Design for Ocean Solutions
Escalating pressures on coastal and ocean ecosystems require increasing the speed and scale of solutions. Design offers concepts and tools to develop, prototype and test solutions, but it is rarely applied in the ocean realm. The internship will draw on design and ocean science to identify opportunities for designing and prototyping solutions. Examples could include 'do-it-yourself', low cost technologies for monitoring ocean change to supporting sustainable aquatic food production. PI: Fio Micheli; Research Supervisor: Carissa Carter
Environmental DNA for Biodiversity Monitoring
Learn lab techniques and bioinformatic resources for analyzing biodiversity data from environmental samples in the Chumash Heritage National Marine Sanctuary. Help train teachers and students from the Chumash community, and participate in sampling coastal intertidal and kelp forest areas. PI: Steve Palumbi; Research Supervisor: Marilla Lippert
Early Development in Hemichordate Worms
Hemichordates are a group of worm-like marine animals that are related to vertebrate chordates like humans. The Lowe lab studies these animals to understand more about chordate evolution. Some hemichordates have a life history strategy called indirect development, when they have larval stage before they metamorphose into their adult form. Other hemichordate species immediately develop into their adult body plan, which is called direct development. This project would compare direct and indirect developing hemichordates to better understand early development in hemichordates across life history strategies. The undergraduate student would learn confocal microscopy, molecular biology techniques such as in situ hybridization, and larval rearing of hemichordates and echinoderms. PI: Chris Lowe; Research Supervisor: Lauren Lubeck
Description and Molecular Characterization of the Metamorphosis in a Brittle Star
Echinoderms are a group of marine invertebrates including sea stars, sea urchins, sea cucumbers and lesser known groups such as sea lilies and brittle stars. These animals typically exhibit a bi-phasic life cycle with a pelagic larva and a benthic adult. The transformation from the larva to the adult in echinoderms is one of most spectacular metamorphosis in the animal kingdom and involves a dramatic change in the body plan of the animal, with a switch from a bilateral larva to a pentaradial adult. Among echinoderms, the metamorphosis of brittle stars has not been described in details and is a missing link to understand the evolution of the phylum. This project aims to describe the metamorphosis of the brittle star Ophiotrix spiculata using live imaging, immunohistochemistry stainings and gene expression profiling using HCR in situ hybridization. Imaging of immunohistochemistry and HCRs will be done using a confocal microscope. Adult Ophiotrix spiculata typically spawn between June and July, which will also allow the intern to be involved in rearing the animals through the larval stages and the metamorphosis. The laboratory has an extensive stock of fixed tissues to be used for immunohistochemistry and HCRs, so the success of the internship will not rely upon the success of the spawning and animal rearing only. The lab will welcome any student motivated by a project related to macroevolution, evo-devo and work with non-model animals. PI: Chris Lowe; Research Supervisor: Laurent Formery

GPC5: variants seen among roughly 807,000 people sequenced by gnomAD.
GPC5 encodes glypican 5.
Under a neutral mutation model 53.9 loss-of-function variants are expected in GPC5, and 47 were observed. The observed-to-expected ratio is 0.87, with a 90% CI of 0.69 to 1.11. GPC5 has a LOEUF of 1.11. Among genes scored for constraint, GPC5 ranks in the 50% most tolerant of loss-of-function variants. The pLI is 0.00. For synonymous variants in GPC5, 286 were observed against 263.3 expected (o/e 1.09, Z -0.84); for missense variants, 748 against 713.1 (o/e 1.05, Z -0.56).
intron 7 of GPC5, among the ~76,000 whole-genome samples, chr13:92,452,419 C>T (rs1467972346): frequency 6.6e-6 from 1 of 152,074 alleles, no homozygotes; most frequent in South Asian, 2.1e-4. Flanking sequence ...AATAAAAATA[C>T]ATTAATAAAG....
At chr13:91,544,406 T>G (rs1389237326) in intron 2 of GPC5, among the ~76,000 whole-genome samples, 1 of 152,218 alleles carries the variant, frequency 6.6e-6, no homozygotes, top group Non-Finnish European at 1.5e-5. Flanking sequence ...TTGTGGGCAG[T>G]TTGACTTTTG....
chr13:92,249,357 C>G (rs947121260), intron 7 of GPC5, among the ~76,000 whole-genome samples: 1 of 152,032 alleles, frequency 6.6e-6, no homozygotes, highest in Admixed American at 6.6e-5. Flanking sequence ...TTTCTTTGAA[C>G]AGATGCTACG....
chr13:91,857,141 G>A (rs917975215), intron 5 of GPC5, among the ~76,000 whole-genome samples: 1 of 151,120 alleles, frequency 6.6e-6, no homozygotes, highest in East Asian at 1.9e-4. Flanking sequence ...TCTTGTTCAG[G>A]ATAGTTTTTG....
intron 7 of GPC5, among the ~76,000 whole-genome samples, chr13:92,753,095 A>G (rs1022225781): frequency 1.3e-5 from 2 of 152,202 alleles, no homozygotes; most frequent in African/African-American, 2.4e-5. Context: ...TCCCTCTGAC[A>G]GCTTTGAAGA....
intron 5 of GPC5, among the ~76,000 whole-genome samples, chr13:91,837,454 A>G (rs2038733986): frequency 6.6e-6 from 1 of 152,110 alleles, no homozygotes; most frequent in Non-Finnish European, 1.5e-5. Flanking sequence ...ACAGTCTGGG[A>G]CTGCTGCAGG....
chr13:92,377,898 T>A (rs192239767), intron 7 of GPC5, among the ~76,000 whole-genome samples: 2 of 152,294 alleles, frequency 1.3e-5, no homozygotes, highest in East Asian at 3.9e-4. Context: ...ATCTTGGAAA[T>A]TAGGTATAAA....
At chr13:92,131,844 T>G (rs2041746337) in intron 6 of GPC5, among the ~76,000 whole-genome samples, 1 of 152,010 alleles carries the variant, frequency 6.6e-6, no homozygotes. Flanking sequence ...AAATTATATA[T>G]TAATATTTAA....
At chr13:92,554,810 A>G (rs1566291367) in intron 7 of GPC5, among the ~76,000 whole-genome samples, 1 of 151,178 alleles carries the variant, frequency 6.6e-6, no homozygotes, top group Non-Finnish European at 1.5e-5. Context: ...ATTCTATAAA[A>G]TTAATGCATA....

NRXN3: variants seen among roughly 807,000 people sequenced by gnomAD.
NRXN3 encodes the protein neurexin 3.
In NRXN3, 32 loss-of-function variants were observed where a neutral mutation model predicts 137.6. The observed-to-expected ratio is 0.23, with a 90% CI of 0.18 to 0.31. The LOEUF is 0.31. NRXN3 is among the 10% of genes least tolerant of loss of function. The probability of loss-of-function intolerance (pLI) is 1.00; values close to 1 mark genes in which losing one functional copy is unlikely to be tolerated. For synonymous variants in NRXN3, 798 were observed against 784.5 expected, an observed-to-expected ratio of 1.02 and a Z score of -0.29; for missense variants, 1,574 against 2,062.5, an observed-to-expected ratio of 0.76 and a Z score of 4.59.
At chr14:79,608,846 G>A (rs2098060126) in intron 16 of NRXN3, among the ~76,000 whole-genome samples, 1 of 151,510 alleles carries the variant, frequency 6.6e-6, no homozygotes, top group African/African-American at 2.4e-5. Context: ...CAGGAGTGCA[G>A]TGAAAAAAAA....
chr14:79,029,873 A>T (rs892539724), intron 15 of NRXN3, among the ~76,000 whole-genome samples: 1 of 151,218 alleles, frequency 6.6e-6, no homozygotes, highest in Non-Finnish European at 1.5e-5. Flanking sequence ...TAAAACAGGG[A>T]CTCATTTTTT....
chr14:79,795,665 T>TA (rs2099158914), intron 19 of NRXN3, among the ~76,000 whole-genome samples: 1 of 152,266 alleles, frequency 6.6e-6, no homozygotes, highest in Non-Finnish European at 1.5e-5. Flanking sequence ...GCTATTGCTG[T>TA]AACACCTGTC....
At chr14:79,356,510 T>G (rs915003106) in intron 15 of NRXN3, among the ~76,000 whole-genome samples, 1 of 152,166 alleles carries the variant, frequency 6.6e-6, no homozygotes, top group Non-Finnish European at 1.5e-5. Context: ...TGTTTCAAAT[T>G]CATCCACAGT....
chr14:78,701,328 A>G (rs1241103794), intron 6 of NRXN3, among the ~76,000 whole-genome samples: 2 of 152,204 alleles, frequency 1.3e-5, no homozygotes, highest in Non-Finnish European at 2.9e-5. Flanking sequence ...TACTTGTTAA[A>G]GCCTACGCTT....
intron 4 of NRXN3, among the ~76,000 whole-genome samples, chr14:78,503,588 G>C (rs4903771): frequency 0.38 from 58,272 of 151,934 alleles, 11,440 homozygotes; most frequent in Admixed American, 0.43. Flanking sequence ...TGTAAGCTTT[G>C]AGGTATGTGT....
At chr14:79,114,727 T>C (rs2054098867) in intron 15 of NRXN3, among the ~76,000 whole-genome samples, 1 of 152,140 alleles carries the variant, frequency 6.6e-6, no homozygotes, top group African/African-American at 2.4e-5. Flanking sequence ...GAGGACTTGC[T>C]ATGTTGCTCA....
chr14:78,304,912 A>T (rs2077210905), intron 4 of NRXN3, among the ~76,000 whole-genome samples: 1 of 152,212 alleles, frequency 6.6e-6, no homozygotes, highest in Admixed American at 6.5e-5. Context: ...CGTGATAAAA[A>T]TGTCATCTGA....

For students who want to design their own research projects, grants are available through Stanford's undergraduate Research and Independent Study program; priority is given to juniors. Unlike VPUE grants, where a student joins a pre-existing effort, these grants require students to draw up a research proposal in collaboration with a member of the Hopkins faculty.
Applications are now closed; they will reopen in spring 2024.
While studying at Hopkins, you can also work on a research project under the supervision of one of the Hopkins faculty—and get additional academic credit in BIOHOPK 199 Guided Research. Our faculty is available to help you identify appropriate research opportunities—before you arrive or after you get here.
To see what we are working on, explore our Faculty Research Page.